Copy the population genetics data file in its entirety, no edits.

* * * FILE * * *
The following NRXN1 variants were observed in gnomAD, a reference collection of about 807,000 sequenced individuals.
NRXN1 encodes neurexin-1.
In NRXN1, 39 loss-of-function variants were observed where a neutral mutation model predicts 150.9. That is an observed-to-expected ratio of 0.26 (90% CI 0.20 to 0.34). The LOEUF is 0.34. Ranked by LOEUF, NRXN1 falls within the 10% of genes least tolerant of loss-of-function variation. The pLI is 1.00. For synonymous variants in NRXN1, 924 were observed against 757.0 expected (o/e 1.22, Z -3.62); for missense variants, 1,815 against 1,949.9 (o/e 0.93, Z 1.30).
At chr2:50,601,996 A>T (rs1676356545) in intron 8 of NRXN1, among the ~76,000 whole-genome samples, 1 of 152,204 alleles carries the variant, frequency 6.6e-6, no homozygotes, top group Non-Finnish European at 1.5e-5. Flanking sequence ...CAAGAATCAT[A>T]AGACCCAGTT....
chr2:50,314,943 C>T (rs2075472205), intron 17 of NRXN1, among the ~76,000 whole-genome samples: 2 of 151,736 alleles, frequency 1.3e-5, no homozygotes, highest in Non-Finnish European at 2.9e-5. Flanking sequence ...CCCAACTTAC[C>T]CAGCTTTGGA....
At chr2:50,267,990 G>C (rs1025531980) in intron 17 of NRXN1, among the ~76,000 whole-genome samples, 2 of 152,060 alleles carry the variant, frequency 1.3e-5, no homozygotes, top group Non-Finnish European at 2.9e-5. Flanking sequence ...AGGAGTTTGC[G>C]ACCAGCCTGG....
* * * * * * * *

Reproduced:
The following NRXN1 variants were observed in gnomAD, a reference collection of about 807,000 sequenced individuals.
NRXN1 encodes neurexin-1.
In NRXN1, 39 loss-of-function variants were observed where a neutral mutation model predicts 150.9. That is an observed-to-expected ratio of 0.26 (90% CI 0.20 to 0.34). The LOEUF is 0.34. Ranked by LOEUF, NRXN1 falls within the 10% of genes least tolerant of loss-of-function variation. The pLI is 1.00. For synonymous variants in NRXN1, 924 were observed against 757.0 expected (o/e 1.22, Z -3.62); for missense variants, 1,815 against 1,949.9 (o/e 0.93, Z 1.30).
At chr2:50,601,996 A>T (rs1676356545) in intron 8 of NRXN1, among the ~76,000 whole-genome samples, 1 of 152,204 alleles carries the variant, frequency 6.6e-6, no homozygotes, top group Non-Finnish European at 1.5e-5. Flanking sequence ...CAAGAATCAT[A>T]AGACCCAGTT....
chr2:50,314,943 C>T (rs2075472205), intron 17 of NRXN1, among the ~76,000 whole-genome samples: 2 of 151,736 alleles, frequency 1.3e-5, no homozygotes, highest in Non-Finnish European at 2.9e-5. Flanking sequence ...CCCAACTTAC[C>T]CAGCTTTGGA....
At chr2:50,267,990 G>C (rs1025531980) in intron 17 of NRXN1, among the ~76,000 whole-genome samples, 2 of 152,060 alleles carry the variant, frequency 1.3e-5, no homozygotes, top group Non-Finnish European at 2.9e-5. Flanking sequence ...AGGAGTTTGC[G>C]ACCAGCCTGG....